For years, such “binalot” — Filipino for wrapped — meals have captured the essence of authentic Filipino meals on Saipan at Jhem’s Restaurant in Garapan.
Binalot meals come with a variety of viands to choose from — tocino or is a sweet pork dish, embutido or a Filipino style meatloaf, daing na bangus or marinated milkfish, longganisa or Filipino sausage, pork steak, and fried tilapia, head or tail, for $6 an order. Each meal comes with a huge serving of steamed rice, fresh tomato slices, fried eggplants, salted egg and bagoong, a condiment made of partially or completely fermented fish or shrimp.
For $6.50 per order, relish the joy of a home-cooked variety of binalot fiesta meals with fresh mixed vegetable sauté. If you prefer garlic rice, order it for additional 75 cents.
Jhem’s Restaurant is one of those places where you get to sip on a bowl of hot beef soup while waiting for your order, and where the craving to eat with your hands is a big temptation, but you have the option of taking your food home and be free to do so. You can eat your favorite binalot meals everyday regardless of the time — an advantage for those who don’t have the luxury of time or the appetite to eat during regular hours.
Not into binalot meals? Then go for grilled entrees, beef tapa meals, Japanese favorites, Jhem’s fresh green salads, and tapsilog meals. A sizzling plate of pork or chicken sisig — chopped meat — delivered to your table will require self control to wait a bit until the food gets cold enough.
Try Jhem’s combo meals of chicken supreme, pork outlet combo, fish fillet supreme, Jhem’s porkchop supreme, Shanghai supreme or the chicken inasal combo — another favorite which is grilled chicken leg with finadeni sauce, all from $7 to $7.50
Dig into Jhem’s all-time favorites anytime like fried chicken, crispy pata (deep fried pig trotter or knuckle), hamburger steak and lechon kawali (deep fried pork belly) — all served with steamed rice and buttered corn, or have it all with any of Jhem’s fried rice specialties — porkchop, Spam fried rice, fish fillet and garlic rice.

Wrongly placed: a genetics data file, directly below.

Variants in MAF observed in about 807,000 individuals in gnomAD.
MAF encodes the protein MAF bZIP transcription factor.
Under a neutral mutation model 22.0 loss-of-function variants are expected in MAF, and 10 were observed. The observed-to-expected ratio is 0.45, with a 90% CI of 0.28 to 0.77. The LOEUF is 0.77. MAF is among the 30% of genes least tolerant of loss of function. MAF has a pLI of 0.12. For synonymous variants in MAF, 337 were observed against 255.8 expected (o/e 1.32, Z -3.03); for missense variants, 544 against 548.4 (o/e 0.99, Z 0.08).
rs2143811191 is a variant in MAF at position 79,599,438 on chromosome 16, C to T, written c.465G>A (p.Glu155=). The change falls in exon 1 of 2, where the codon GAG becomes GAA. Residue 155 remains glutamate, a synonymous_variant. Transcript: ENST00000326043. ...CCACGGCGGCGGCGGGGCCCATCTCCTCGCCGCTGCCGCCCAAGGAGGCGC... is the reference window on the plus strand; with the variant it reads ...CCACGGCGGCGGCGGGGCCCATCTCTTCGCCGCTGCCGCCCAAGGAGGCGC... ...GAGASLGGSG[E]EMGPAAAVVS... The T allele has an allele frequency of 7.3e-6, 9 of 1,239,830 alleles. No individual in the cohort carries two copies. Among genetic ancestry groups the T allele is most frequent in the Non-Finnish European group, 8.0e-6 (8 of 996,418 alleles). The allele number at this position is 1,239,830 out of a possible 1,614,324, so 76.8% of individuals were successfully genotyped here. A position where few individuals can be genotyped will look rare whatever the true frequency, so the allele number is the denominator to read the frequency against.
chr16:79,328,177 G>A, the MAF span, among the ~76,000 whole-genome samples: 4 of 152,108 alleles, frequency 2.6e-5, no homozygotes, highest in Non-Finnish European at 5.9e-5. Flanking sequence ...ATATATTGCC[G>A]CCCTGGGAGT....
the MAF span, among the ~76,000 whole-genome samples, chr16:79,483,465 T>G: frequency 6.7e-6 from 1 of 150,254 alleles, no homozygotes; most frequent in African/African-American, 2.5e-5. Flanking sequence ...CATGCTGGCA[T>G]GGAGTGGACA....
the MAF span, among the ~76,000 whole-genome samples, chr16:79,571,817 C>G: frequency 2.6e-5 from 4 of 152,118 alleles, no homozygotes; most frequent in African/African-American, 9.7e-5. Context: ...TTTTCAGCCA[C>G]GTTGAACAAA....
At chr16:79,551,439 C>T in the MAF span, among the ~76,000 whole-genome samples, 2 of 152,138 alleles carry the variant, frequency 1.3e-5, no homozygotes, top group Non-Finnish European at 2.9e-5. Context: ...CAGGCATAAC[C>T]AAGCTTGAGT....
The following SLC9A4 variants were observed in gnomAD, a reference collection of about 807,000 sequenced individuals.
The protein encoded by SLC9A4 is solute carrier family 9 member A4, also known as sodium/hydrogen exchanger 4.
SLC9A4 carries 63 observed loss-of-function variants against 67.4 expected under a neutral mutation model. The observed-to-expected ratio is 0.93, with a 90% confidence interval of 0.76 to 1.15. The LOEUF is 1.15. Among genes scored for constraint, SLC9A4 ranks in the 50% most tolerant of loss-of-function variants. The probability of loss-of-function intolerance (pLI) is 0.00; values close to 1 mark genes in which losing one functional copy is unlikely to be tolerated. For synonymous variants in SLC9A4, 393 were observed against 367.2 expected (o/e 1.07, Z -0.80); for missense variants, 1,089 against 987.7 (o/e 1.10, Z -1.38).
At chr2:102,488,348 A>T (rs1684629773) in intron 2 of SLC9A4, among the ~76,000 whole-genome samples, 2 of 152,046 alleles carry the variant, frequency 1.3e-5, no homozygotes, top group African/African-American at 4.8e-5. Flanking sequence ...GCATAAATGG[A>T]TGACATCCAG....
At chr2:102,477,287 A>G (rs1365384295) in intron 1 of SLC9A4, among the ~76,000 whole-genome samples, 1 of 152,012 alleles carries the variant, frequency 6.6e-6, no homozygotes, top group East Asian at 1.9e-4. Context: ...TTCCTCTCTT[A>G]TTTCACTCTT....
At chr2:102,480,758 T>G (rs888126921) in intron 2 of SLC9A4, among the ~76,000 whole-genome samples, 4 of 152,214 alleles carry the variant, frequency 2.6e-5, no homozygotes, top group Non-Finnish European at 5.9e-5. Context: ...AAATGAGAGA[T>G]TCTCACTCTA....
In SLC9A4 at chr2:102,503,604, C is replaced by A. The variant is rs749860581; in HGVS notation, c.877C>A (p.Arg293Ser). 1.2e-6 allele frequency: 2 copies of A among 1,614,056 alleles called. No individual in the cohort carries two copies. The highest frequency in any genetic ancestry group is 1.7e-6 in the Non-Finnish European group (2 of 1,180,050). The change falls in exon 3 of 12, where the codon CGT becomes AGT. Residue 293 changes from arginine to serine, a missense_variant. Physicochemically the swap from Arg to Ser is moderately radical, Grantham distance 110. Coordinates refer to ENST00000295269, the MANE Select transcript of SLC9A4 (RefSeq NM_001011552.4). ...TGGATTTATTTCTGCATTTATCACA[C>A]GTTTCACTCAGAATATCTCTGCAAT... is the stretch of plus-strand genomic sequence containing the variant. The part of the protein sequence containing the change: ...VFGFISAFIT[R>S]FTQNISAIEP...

On a cold day, Jhem’s hot noodles and vegetable selection can spell the difference for you. Try their egg soba, chicken mami, beef mami or lomi to warm you up.
At Jhem’s Restaurant, side orders mean a different thing because the selections come in family size orders big enough for several people. Choose from chicken or shrimp chopsuey, shrimp sinigang (tamarind-based soup or stew), nilagang baka (beef stew), daing na bangus, bulalo (stew made from beef shanks and marrow bone), sinigang na bangus or baboy (pork), and pork kare-kare which is cooked with peanut butter.
My favorite is one whole fried tilapia which you dip in a hot finadeni sauce with or without rice.
Join the steady stream of diners from all ethnic races who never get tired of Jhem’s home-style cooking day in and day out. Enjoy your meals in the comfortable ambiance of the air-conditioned restaurant, or at the tables in the outdoor area for those who prefer the fresh air.
Cap your meals with any of the yummy desserts including banana con yelo (sweet banana with crushed ice), halo-halo (a mixture of shaved ice, evaporated milk, various boiled sweet beans and fruits), ice cream sundae chocolate, gulaman (gelatin), leche flan (custard), and one all-time favorite, the turon or thinly sliced bananas rolled in spring roll wrapper and fried.
When the craving for binalot meals or authentic Filipino cuisine strikes, dial Jhem’s number and you can pick it up a few minutes later.
Jhems Restaurant, located next to Sketchers on Beach Road is open every day from 10 a.m. to 10 p.m. All major cards are accepted. For orders and reservations, call 233-5436.